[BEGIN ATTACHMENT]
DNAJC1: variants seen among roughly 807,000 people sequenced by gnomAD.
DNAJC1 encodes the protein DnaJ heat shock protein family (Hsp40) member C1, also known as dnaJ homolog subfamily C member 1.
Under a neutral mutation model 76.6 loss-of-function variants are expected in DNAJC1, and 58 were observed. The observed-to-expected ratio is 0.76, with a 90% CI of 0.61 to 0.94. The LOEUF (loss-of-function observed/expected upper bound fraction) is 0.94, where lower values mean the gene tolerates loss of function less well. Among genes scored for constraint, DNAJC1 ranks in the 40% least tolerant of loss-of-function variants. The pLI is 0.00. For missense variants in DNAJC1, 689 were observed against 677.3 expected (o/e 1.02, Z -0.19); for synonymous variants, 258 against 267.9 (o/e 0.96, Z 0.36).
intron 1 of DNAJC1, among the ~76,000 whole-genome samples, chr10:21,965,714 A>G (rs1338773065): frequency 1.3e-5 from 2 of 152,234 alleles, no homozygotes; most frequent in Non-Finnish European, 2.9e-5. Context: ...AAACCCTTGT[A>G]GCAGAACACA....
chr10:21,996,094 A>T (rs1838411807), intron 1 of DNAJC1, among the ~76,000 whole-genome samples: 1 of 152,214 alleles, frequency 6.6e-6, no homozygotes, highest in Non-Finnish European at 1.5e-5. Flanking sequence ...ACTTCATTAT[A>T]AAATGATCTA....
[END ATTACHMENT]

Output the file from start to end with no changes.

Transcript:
DNAJC1: variants seen among roughly 807,000 people sequenced by gnomAD.
DNAJC1 encodes the protein DnaJ heat shock protein family (Hsp40) member C1, also known as dnaJ homolog subfamily C member 1.
Under a neutral mutation model 76.6 loss-of-function variants are expected in DNAJC1, and 58 were observed. The observed-to-expected ratio is 0.76, with a 90% CI of 0.61 to 0.94. The LOEUF (loss-of-function observed/expected upper bound fraction) is 0.94, where lower values mean the gene tolerates loss of function less well. Among genes scored for constraint, DNAJC1 ranks in the 40% least tolerant of loss-of-function variants. The pLI is 0.00. For missense variants in DNAJC1, 689 were observed against 677.3 expected (o/e 1.02, Z -0.19); for synonymous variants, 258 against 267.9 (o/e 0.96, Z 0.36).
intron 1 of DNAJC1, among the ~76,000 whole-genome samples, chr10:21,965,714 A>G (rs1338773065): frequency 1.3e-5 from 2 of 152,234 alleles, no homozygotes; most frequent in Non-Finnish European, 2.9e-5. Context: ...AAACCCTTGT[A>G]GCAGAACACA....
chr10:21,996,094 A>T (rs1838411807), intron 1 of DNAJC1, among the ~76,000 whole-genome samples: 1 of 152,214 alleles, frequency 6.6e-6, no homozygotes, highest in Non-Finnish European at 1.5e-5. Flanking sequence ...ACTTCATTAT[A>T]AAATGATCTA....